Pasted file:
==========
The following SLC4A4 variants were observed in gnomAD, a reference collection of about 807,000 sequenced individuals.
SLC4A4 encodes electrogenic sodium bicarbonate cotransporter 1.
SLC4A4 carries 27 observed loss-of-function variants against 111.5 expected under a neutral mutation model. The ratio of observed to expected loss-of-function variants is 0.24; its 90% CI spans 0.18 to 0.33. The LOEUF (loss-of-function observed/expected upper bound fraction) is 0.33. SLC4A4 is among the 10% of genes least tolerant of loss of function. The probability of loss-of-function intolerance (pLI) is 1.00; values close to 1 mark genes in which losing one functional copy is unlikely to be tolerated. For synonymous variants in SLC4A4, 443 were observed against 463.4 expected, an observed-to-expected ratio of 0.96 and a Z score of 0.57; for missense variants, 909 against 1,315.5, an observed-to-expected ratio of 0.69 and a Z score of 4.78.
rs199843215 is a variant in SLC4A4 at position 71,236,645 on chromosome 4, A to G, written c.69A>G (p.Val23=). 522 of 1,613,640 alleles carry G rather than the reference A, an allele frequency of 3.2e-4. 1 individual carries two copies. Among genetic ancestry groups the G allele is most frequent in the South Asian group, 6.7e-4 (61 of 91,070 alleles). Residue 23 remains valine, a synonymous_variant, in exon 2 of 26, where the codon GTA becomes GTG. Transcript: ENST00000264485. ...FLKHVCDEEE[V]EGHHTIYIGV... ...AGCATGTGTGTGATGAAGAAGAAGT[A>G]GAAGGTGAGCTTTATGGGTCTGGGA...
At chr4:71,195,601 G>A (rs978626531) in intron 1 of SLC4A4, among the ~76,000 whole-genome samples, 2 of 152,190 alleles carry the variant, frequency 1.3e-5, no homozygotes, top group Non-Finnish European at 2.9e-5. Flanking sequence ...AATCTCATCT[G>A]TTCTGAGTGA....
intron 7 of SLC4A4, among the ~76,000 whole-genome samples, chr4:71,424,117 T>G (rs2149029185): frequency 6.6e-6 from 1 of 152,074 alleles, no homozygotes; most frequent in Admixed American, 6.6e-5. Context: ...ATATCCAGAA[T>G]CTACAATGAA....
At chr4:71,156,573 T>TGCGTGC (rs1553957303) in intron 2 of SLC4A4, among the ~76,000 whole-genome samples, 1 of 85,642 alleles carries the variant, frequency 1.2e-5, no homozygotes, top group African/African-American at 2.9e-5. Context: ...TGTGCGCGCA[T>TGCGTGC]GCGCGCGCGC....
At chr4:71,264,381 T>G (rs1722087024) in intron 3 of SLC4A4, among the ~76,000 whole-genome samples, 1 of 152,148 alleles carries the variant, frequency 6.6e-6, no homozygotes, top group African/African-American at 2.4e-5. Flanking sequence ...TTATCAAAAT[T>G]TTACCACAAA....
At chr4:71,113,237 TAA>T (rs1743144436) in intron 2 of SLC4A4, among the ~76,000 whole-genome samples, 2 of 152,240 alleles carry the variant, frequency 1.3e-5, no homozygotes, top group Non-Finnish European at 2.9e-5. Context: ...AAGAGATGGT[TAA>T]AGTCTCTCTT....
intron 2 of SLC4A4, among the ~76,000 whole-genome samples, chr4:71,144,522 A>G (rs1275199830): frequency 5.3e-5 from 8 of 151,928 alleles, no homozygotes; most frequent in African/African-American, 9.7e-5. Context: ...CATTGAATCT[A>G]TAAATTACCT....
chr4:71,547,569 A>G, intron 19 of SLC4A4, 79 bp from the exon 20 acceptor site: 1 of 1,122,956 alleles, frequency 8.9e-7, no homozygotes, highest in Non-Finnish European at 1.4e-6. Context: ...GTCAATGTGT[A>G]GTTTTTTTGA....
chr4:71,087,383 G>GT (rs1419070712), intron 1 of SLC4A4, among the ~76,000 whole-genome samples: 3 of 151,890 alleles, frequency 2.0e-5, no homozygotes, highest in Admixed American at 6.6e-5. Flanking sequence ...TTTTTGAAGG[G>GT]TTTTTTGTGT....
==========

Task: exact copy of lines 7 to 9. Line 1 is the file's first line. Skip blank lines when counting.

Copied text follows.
At chr4:71,156,573 T>TGCGTGC (rs1553957303) in intron 2 of SLC4A4, among the ~76,000 whole-genome samples, 1 of 85,642 alleles carries the variant, frequency 1.2e-5, no homozygotes, top group African/African-American at 2.9e-5. Context: ...TGTGCGCGCA[T>TGCGTGC]GCGCGCGCGC....
At chr4:71,264,381 T>G (rs1722087024) in intron 3 of SLC4A4, among the ~76,000 whole-genome samples, 1 of 152,148 alleles carries the variant, frequency 6.6e-6, no homozygotes, top group African/African-American at 2.4e-5. Flanking sequence ...TTATCAAAAT[T>G]TTACCACAAA....
At chr4:71,113,237 TAA>T (rs1743144436) in intron 2 of SLC4A4, among the ~76,000 whole-genome samples, 2 of 152,240 alleles carry the variant, frequency 1.3e-5, no homozygotes, top group Non-Finnish European at 2.9e-5. Context: ...AAGAGATGGT[TAA>T]AGTCTCTCTT....